Search Images Maps Play YouTube News Gmail Drive More »
Sign in
Screen reader users: click this link for accessible mode. Accessible mode has the same essential features but works better with your reader.

Patents

  1. Advanced Patent Search
Publication numberUS20080044040 A1
Publication typeApplication
Application numberUS 11/782,321
Publication date21 Feb 2008
Filing date24 Jul 2007
Priority date22 Oct 2004
Publication number11782321, 782321, US 2008/0044040 A1, US 2008/044040 A1, US 20080044040 A1, US 20080044040A1, US 2008044040 A1, US 2008044040A1, US-A1-20080044040, US-A1-2008044040, US2008/0044040A1, US2008/044040A1, US20080044040 A1, US20080044040A1, US2008044040 A1, US2008044040A1
InventorsAlan Werner, Malcolm Bugler
Original AssigneeWerner Alan J Jr, Malcolm Bugler
Export CitationBiBTeX, EndNote, RefMan
External Links: USPTO, USPTO Assignment, Espacenet
Method and apparatus for intelligent acoustic signal processing in accordance with a user preference
US 20080044040 A1
Abstract
The present invention is directed to a “smart earplug” capable of selectively adjusting the output of an array of acoustic wave generation elements or speakers within a user's ear canal in response to input signals, wherein at least one of the input signals has been at least partially attenuated.
Images(8)
Previous page
Next page
Claims(9)
1. An acoustic control apparatus, comprising:
input sensor for receiving an input acoustic signal to be processed, said input sensor including a microphone array, said microphone array manifesting vibration in response to interaction with the input acoustic signals from a plurality directions to generate a plurality of input signals, each representing an acoustic input from one of the plurality of directions relative to said input sensor;
a signal processing device for producing, in response to the input signals, at least one output signal dynamically controllable by a user, said signal processing device characterized by a uniform frequency response such that the output acoustic signal spectrum level is generally reflective of an input acoustic signal spectrum level, said signal processing device further including a mixing circuit to enable a mixing of at least two acoustic signals from the plurality of directions; and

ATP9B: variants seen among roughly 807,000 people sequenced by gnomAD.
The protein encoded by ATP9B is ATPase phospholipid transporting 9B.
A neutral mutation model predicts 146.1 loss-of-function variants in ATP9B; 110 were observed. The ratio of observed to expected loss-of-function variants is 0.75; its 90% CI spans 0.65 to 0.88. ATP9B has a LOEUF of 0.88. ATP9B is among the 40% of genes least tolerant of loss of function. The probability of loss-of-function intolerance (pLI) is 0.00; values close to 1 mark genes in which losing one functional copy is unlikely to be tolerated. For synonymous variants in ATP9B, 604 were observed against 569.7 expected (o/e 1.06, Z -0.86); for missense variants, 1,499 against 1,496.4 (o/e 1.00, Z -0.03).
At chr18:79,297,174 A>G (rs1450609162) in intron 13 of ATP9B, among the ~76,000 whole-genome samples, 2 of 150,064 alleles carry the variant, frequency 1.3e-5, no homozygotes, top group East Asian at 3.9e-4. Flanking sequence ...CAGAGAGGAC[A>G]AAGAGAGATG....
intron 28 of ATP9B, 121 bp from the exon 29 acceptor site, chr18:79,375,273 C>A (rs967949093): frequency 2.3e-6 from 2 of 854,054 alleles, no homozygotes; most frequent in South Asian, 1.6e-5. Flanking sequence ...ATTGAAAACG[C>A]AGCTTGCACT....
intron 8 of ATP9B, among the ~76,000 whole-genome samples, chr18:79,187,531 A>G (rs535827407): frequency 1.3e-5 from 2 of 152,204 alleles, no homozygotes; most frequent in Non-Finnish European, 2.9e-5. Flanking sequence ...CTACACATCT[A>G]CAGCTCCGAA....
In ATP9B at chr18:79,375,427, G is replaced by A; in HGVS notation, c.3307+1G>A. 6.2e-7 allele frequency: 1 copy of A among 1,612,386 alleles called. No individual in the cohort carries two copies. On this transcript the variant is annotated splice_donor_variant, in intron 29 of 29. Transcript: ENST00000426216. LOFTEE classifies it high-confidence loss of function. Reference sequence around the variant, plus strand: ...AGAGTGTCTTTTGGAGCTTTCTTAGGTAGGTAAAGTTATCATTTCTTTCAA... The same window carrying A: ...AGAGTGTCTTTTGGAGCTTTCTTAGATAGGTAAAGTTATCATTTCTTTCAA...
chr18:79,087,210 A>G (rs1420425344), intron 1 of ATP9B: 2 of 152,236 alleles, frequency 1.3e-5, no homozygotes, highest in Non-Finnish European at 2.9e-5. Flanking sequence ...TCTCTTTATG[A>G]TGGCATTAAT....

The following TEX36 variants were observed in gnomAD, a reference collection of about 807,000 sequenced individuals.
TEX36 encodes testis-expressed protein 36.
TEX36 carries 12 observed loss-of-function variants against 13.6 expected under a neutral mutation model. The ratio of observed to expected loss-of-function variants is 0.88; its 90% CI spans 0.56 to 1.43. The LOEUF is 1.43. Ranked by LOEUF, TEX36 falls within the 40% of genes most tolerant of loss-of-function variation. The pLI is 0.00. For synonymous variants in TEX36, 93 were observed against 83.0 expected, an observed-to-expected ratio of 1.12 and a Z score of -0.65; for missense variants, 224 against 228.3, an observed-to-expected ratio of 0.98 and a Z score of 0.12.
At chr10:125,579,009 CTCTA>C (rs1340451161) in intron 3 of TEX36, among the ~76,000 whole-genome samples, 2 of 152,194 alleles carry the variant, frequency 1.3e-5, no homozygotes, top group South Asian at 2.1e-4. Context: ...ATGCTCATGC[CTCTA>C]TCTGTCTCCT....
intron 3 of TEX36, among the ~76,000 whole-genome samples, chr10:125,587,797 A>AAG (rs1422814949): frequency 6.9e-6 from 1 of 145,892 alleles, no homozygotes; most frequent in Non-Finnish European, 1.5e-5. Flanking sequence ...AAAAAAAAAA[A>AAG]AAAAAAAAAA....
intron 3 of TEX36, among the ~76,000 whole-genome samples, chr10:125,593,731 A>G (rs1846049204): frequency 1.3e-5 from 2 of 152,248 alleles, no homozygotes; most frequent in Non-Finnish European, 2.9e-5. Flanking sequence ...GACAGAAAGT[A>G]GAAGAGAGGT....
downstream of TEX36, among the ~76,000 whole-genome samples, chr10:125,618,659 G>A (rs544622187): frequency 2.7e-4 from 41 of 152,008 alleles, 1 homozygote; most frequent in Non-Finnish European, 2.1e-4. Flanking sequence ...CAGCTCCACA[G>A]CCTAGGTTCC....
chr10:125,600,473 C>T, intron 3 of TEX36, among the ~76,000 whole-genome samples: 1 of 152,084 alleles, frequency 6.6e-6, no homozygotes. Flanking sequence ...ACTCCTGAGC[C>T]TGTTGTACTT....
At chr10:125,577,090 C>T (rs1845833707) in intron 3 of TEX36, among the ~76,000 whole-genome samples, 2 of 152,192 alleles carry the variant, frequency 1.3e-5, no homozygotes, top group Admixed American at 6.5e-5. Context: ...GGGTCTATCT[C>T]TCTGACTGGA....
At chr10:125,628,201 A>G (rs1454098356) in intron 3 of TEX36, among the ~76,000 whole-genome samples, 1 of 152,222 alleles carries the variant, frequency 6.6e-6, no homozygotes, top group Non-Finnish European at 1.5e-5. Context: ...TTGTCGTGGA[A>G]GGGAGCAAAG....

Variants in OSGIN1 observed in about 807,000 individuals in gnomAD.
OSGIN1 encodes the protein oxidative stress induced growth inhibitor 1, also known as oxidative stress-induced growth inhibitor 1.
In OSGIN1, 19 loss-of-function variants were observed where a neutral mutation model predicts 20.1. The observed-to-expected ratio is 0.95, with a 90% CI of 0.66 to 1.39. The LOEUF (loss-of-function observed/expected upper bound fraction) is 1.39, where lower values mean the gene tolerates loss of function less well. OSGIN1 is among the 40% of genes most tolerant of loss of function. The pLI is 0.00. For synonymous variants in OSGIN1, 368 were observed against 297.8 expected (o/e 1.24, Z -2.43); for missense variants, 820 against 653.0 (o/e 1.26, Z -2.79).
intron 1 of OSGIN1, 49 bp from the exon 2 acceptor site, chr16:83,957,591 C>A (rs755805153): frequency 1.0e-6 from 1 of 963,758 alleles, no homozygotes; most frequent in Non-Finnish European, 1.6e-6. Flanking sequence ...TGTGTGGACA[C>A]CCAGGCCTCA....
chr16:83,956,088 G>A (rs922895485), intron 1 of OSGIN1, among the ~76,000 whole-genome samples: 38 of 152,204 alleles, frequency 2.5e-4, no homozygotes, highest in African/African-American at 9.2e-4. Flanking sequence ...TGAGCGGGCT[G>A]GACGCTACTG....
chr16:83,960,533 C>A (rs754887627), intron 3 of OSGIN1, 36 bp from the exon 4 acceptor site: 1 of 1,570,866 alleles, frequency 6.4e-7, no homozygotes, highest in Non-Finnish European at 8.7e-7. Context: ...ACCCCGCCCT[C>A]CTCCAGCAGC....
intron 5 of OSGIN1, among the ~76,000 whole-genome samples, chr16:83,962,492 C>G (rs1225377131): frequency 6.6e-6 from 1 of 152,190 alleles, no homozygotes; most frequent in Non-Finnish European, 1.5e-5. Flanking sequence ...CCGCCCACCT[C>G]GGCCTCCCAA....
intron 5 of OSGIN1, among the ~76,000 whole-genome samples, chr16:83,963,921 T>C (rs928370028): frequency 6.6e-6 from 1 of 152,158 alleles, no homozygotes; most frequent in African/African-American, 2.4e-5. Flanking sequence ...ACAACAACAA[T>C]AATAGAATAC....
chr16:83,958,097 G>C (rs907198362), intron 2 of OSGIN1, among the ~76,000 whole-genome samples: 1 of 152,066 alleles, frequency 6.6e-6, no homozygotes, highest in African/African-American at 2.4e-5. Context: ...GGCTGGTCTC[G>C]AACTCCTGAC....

an acoustic output port for generating the output acoustic signal produced by said signal processing device.
2. The acoustic control apparatus according to claim 1, further comprising amplifiers operatively connected to said microphone array.
3. The acoustic control apparatus according to claim 2, wherein each of said plurality of input signals is amplified by one of said amplifiers prior to processing by said signal processing device.
4. The acoustic control apparatus according to claim 3, wherein said acoustic output port includes at least one speaker and where the apparatus further comprises at least one ear bud housing at least said microphone array, amplifier and speaker.
5. The acoustic control apparatus according to claim 4, wherein said apparatus further comprises a user control housing that encloses said signal processing device, said mixing circuit and a power source, wherein said housing includes at least one user-adjustable control.
6. An acoustic signal processing system for processing acoustic signals in accordance with a user preference, comprising:
at least one microphone array, said microphone array generating a plurality of input signals in response to acoustic vibrations, each input signal representing an acoustic input from one of a plurality of directions relative to said microphone array;
a signal processing device for producing, in response to the plurality of input signals, at least one output signal, said signal processing device characterized by a uniform frequency response such that an output acoustic signal spectrum level is generally reflective of an input acoustic signal spectrum level, said signal processing device further including a mixing circuit, responsive to the user preference, to mix at least two acoustic signals from the plurality of directions; and
at least one speaker for generating the output acoustic signal in response to the output signal from said signal processing device.
7. The acoustic control apparatus according to claim 6, further comprising at least one amplifier operatively connected to said microphone array.
8. A method for controlling the sound perceived by a user, comprising:
receiving, using a micro-electronic microphone array, an input acoustic signal and generating a plurality of input signals representing the acoustic input from each of a plurality of directions relative to the array;